The contracts BasicToken and StandardToken each implement a half of ERC20. This interface is also split between ERC20Basic, ERC20, and FractionalERC20. Also, FractionalERC20 only defines decimals, so it doesn’t need to inherit ERC20. We suggest unifying these contracts to simplify the scheme.

Improved in commit b0ffde290532d223f003b58b844aae66e8f2aa6e. This is the result, including the TokenTranchePricing and some other recent commits:

Simplify token calculation

Function calculateTokenAmount in Crowdsale.sol is too complex, it can be simplified keeping the same functionality at lower gas costs.

Document Crowdsale constructor

Both contracts Crowdsale and GenericCrowdsale do not document the constructor arguments. These are the main contracts of the Crowdsale and they should be documented properly along with their constraints.

For example, the parameter start is a timestamp that requires being at least one hour after the block is mined. But there’s no documentation of such a requirement.

Improved in commit 36c8ef479f2b222f60eb8d2d605cb48a907064ce

TokenTranchePricing constructor can be refactored

Consider doing something like this in the future to improve readability and performance.

Improved on commit 4035fe8c6284ff34601f646b6c7718036b4be21d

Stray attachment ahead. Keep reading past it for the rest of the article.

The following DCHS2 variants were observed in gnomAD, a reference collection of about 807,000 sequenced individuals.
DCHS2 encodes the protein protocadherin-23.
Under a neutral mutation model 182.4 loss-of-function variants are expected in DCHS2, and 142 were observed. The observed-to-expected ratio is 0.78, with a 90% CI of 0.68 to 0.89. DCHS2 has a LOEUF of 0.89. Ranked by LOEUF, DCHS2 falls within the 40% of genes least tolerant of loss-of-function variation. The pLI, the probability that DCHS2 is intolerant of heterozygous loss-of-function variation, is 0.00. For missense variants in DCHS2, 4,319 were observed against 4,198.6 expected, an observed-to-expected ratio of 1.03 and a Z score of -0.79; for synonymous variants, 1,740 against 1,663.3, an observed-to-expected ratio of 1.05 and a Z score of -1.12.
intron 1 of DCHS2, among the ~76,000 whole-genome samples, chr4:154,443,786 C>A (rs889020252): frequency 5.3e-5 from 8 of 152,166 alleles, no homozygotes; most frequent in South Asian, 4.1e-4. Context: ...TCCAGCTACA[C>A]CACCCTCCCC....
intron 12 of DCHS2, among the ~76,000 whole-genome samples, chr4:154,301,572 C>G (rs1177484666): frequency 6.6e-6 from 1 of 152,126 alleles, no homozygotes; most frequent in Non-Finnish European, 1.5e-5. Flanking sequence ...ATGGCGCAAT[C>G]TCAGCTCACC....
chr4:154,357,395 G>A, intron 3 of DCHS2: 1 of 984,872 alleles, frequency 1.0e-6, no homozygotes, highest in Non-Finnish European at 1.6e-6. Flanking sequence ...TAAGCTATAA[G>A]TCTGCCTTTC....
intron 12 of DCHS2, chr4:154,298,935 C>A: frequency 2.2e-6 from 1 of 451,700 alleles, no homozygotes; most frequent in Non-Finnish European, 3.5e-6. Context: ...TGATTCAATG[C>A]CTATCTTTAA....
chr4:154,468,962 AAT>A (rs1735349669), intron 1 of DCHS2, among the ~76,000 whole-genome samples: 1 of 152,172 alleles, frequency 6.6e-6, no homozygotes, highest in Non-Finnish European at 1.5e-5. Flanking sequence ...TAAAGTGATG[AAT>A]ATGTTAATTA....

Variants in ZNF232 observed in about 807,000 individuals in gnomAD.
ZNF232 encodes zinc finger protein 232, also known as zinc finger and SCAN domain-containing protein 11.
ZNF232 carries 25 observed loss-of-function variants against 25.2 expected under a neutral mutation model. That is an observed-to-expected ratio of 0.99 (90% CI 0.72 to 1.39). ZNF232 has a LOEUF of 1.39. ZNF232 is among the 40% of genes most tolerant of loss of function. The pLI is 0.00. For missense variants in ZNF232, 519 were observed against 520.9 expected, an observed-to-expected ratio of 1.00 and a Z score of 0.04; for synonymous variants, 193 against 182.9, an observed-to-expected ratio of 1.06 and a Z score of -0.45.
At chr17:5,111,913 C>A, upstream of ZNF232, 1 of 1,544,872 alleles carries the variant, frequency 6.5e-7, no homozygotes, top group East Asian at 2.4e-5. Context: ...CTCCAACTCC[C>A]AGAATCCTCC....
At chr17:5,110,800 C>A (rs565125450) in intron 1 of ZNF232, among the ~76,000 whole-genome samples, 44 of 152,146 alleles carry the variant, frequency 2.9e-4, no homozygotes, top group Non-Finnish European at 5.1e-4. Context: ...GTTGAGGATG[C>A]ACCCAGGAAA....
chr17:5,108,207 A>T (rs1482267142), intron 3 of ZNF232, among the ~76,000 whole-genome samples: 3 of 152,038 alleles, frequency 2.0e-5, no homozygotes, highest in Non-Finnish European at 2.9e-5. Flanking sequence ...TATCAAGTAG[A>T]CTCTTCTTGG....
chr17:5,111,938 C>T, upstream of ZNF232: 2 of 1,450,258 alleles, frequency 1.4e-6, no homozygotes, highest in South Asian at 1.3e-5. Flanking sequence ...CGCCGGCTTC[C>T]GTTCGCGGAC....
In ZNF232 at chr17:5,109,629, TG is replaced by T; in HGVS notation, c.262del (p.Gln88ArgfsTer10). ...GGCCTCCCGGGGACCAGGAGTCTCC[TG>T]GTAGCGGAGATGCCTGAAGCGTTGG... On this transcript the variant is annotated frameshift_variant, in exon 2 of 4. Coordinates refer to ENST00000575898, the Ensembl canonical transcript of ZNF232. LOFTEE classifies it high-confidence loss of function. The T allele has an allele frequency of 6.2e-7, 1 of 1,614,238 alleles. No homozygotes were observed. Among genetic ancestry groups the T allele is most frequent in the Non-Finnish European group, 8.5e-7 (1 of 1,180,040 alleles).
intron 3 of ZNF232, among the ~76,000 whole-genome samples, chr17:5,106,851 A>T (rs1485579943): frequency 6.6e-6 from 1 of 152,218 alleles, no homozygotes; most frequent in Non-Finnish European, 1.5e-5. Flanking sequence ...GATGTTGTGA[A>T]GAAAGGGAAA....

Unnecessary minting privilege

Since the sale has a fixed amount of tokens to sell, there is no need to keep the Crowdsale contract as a minting agent after the initial setup.

In Crowdsale’s constructor it assigns to itself the minting privilege, but after the setup, the privilege is kept.


  • There is a refund function on LostAndFoundToken.sol in case someone sends tokens to the contract. We didn’t find any security issue in such a risky function and can be only called by contract owner.
  • WorldBit uses timestamps instead of block numbers, but only for long periods of time (Crowdsale dates, TokenTranchePricing dates). Although they are subject to a miner frontrunning attack it is very unlikely and it limited only to very popular ICOs. 
  • Remove commented out code in StandardToken.sol. Since modifier onlyPayloadSize is no longer used, there’s no need to keep it.
  • Functions halt/unhalt in Haltable can be merged in a single function with a boolean parameter.


Overall the contracts are simple enough and easy to audit. Most methods have only a few lines of code and are well documented. Overall code quality is very high.